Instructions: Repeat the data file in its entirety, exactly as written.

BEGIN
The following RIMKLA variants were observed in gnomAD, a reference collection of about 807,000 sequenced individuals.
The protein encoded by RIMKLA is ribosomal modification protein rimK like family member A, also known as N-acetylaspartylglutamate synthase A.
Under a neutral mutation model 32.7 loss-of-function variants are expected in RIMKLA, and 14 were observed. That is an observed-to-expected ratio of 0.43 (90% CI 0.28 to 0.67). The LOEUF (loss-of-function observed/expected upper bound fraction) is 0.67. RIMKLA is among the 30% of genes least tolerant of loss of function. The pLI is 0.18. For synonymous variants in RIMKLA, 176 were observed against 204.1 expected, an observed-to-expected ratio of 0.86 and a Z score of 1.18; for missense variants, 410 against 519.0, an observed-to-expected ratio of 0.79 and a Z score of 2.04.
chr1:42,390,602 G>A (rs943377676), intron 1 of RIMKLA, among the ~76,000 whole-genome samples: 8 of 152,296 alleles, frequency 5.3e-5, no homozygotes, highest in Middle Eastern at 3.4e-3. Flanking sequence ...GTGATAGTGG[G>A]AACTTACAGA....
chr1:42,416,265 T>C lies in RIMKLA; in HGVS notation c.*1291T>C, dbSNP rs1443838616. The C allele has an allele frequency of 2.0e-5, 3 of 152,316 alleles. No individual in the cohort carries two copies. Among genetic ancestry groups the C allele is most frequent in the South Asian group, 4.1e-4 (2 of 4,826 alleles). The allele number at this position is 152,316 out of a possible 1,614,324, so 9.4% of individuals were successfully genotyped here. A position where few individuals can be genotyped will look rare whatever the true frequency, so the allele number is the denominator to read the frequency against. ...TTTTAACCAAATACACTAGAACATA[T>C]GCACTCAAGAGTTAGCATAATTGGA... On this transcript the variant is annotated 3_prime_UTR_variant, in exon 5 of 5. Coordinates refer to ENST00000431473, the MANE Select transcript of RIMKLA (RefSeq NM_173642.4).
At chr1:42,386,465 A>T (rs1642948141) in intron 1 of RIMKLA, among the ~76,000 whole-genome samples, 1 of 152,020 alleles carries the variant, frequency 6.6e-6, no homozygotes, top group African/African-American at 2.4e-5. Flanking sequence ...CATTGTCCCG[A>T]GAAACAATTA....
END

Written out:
The following RIMKLA variants were observed in gnomAD, a reference collection of about 807,000 sequenced individuals.
The protein encoded by RIMKLA is ribosomal modification protein rimK like family member A, also known as N-acetylaspartylglutamate synthase A.
Under a neutral mutation model 32.7 loss-of-function variants are expected in RIMKLA, and 14 were observed. That is an observed-to-expected ratio of 0.43 (90% CI 0.28 to 0.67). The LOEUF (loss-of-function observed/expected upper bound fraction) is 0.67. RIMKLA is among the 30% of genes least tolerant of loss of function. The pLI is 0.18. For synonymous variants in RIMKLA, 176 were observed against 204.1 expected, an observed-to-expected ratio of 0.86 and a Z score of 1.18; for missense variants, 410 against 519.0, an observed-to-expected ratio of 0.79 and a Z score of 2.04.
chr1:42,390,602 G>A (rs943377676), intron 1 of RIMKLA, among the ~76,000 whole-genome samples: 8 of 152,296 alleles, frequency 5.3e-5, no homozygotes, highest in Middle Eastern at 3.4e-3. Flanking sequence ...GTGATAGTGG[G>A]AACTTACAGA....
chr1:42,416,265 T>C lies in RIMKLA; in HGVS notation c.*1291T>C, dbSNP rs1443838616. The C allele has an allele frequency of 2.0e-5, 3 of 152,316 alleles. No individual in the cohort carries two copies. Among genetic ancestry groups the C allele is most frequent in the South Asian group, 4.1e-4 (2 of 4,826 alleles). The allele number at this position is 152,316 out of a possible 1,614,324, so 9.4% of individuals were successfully genotyped here. A position where few individuals can be genotyped will look rare whatever the true frequency, so the allele number is the denominator to read the frequency against. ...TTTTAACCAAATACACTAGAACATA[T>C]GCACTCAAGAGTTAGCATAATTGGA... On this transcript the variant is annotated 3_prime_UTR_variant, in exon 5 of 5. Coordinates refer to ENST00000431473, the MANE Select transcript of RIMKLA (RefSeq NM_173642.4).
At chr1:42,386,465 A>T (rs1642948141) in intron 1 of RIMKLA, among the ~76,000 whole-genome samples, 1 of 152,020 alleles carries the variant, frequency 6.6e-6, no homozygotes, top group African/African-American at 2.4e-5. Flanking sequence ...CATTGTCCCG[A>T]GAAACAATTA....